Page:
This TED-ED video talks about some of the most basic sorting methods (bubble sort, insertion sort and quick sort,) in response to a scenario where a librarian ends up with a stack of 1,280 unsorted books, and must quickly sort them into alphabetical order.

A number of commenters pointed out that a far more practical method for real-life sorting would be to take the first letter of each book and put it into 26 different piles (an A pile, a B pile, down to a Z pile.) Then use a conventional sorting method (insertion / quick sort etc.) for each of the 26 sub-piles (which would contain around 50 books each, assuming a roughly even distribution of letters. Or you could repeat the same process if the sub-pile is significantly large, sorting the As into ABs, ACs, ADs and so on.

Is there a name of this kind of sorting algorithm?

  • 3
    $\begingroup$ Radix sort or bucket sort. $\endgroup$ Commented Jan 13, 2019 at 21:32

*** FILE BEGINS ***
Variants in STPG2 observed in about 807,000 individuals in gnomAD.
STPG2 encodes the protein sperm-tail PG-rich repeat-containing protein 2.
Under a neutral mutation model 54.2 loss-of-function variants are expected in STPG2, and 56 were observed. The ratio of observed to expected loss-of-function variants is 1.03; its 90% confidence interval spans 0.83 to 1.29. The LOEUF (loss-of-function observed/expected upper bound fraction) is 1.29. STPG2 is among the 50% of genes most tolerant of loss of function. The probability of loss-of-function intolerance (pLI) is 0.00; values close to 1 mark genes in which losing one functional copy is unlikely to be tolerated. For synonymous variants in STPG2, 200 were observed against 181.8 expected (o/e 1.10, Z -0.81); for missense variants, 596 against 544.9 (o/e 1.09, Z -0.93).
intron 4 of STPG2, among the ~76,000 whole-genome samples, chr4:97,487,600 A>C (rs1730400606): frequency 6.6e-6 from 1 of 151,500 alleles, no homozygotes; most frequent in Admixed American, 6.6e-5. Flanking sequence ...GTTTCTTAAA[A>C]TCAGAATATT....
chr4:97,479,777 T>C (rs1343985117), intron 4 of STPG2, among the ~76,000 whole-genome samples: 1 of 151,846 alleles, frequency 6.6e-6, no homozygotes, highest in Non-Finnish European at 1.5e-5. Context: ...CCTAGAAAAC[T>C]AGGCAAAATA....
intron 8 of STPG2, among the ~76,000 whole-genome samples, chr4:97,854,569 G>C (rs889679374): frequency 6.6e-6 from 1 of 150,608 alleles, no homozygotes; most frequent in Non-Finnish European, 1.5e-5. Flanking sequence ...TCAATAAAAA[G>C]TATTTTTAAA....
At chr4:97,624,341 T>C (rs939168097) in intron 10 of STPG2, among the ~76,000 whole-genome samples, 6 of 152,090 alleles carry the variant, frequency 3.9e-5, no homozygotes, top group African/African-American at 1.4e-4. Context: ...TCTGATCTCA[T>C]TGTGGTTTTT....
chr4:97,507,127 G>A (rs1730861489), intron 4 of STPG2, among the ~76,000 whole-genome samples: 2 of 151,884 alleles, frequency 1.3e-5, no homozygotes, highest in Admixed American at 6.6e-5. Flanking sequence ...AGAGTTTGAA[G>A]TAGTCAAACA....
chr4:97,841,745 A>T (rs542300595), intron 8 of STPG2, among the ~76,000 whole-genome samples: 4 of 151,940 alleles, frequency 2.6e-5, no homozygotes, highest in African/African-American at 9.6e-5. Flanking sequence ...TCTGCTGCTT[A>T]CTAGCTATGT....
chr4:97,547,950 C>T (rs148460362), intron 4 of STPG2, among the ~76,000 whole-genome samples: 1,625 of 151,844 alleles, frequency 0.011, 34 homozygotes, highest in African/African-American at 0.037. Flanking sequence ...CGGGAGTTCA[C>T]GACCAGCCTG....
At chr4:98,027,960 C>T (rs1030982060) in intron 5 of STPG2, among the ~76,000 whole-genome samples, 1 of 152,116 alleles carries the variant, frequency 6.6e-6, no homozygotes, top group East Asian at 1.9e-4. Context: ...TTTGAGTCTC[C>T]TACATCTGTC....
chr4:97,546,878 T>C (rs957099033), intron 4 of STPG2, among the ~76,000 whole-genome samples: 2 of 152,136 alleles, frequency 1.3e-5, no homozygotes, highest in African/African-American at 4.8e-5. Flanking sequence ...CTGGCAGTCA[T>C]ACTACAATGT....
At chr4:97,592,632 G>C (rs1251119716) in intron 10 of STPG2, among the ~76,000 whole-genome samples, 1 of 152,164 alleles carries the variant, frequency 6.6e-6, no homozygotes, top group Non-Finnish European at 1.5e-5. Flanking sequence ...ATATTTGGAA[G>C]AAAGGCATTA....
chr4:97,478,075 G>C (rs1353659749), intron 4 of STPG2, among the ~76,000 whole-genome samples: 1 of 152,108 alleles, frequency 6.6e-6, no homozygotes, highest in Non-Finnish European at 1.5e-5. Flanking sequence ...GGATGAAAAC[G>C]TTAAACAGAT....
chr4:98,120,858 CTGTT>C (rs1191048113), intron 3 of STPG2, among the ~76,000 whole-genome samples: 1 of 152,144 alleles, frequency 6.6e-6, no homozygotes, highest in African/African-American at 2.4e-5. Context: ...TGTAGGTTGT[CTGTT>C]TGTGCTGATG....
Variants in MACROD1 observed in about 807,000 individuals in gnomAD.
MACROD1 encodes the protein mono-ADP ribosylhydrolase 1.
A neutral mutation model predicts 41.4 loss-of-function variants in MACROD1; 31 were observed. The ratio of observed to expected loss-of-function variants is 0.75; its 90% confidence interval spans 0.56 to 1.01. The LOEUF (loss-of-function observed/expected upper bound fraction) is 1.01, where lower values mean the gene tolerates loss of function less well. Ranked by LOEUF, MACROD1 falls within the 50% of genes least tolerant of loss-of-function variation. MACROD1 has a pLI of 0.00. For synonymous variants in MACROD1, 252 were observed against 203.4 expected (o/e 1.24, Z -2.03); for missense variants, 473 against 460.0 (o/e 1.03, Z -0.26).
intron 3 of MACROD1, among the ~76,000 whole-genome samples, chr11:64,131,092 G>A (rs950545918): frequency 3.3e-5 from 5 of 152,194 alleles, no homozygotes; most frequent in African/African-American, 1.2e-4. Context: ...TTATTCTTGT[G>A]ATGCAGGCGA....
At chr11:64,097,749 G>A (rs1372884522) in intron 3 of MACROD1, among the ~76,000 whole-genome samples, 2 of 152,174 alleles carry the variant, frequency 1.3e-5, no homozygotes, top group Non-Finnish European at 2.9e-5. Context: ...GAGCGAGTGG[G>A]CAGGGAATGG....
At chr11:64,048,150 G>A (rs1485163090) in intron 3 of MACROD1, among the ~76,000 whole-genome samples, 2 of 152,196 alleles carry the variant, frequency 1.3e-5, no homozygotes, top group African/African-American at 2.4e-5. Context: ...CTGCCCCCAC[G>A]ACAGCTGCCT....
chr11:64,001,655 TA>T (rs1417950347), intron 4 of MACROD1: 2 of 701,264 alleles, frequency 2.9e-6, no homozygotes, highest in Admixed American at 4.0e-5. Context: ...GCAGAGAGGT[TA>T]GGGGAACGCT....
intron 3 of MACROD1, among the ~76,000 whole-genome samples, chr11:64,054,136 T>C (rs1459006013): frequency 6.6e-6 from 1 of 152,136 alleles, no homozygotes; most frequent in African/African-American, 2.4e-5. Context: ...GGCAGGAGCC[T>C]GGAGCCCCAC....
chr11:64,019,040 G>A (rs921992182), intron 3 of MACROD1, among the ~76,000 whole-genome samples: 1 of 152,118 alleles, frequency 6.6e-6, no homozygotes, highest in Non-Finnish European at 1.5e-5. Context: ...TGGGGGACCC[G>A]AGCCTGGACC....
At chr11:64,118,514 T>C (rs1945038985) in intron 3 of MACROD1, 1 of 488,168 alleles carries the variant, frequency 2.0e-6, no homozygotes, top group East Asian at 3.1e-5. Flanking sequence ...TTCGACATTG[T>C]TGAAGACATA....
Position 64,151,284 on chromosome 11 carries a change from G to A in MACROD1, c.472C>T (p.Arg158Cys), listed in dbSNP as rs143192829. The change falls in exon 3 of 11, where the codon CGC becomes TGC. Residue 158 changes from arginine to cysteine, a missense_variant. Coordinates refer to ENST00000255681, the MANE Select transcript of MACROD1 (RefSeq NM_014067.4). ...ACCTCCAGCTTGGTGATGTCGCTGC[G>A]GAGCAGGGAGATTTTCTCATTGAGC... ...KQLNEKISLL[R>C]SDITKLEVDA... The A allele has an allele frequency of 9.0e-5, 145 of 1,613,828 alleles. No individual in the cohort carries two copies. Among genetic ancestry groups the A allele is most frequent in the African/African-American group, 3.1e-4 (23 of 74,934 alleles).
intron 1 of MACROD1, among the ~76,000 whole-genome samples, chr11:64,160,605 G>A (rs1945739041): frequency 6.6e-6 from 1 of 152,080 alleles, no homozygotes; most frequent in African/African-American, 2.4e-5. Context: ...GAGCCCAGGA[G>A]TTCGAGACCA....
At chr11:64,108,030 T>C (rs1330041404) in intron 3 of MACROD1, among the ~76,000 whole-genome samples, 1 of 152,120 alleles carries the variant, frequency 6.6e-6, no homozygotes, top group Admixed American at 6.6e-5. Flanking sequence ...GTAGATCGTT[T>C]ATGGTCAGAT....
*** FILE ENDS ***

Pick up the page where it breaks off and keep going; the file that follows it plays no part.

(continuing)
• $\begingroup$ Sounds like bucket sort is the one those commenters were thinking of. If you put that in an answer I can accept it :) $\endgroup$
    – Lou
    Commented Jan 13, 2019 at 21:35
  • $\begingroup$ There was a recent development over the insertion sort, that is called the Library sort or gapped insertion sort. That is the way the librarians keep their books. $\endgroup$
    – kelalaka
    Commented Jan 13, 2019 at 22:25

1 Answer 1


This is called bucket sort: split your data range into $k$ "buckets" ($O(k)$), put the data into the buckets ($O(n)$), sort each bucket (however you like), then concatenate all the buckets ($O(k)$). If the sorting is faster than $O(n \log n)$, then the whole algorithm runs faster than any comparison-based sort possibly could!

The problem is that it depends on the distribution of the data. If 99% of your book titles start with A, this gives no real benefit at all! And it doesn't work on data that can't be divided into buckets.

A variation of this, "radix sort", is basically the same except in binary (and with some extra recursion). It runs in $O(wn)$, where $w$ is the bit length of your data (the "word size").


Your Answer

By clicking “Post Your Answer”, you agree to our terms of service and acknowledge you have read our privacy policy.

Not the answer you're looking for? Browse other questions tagged or ask your own question.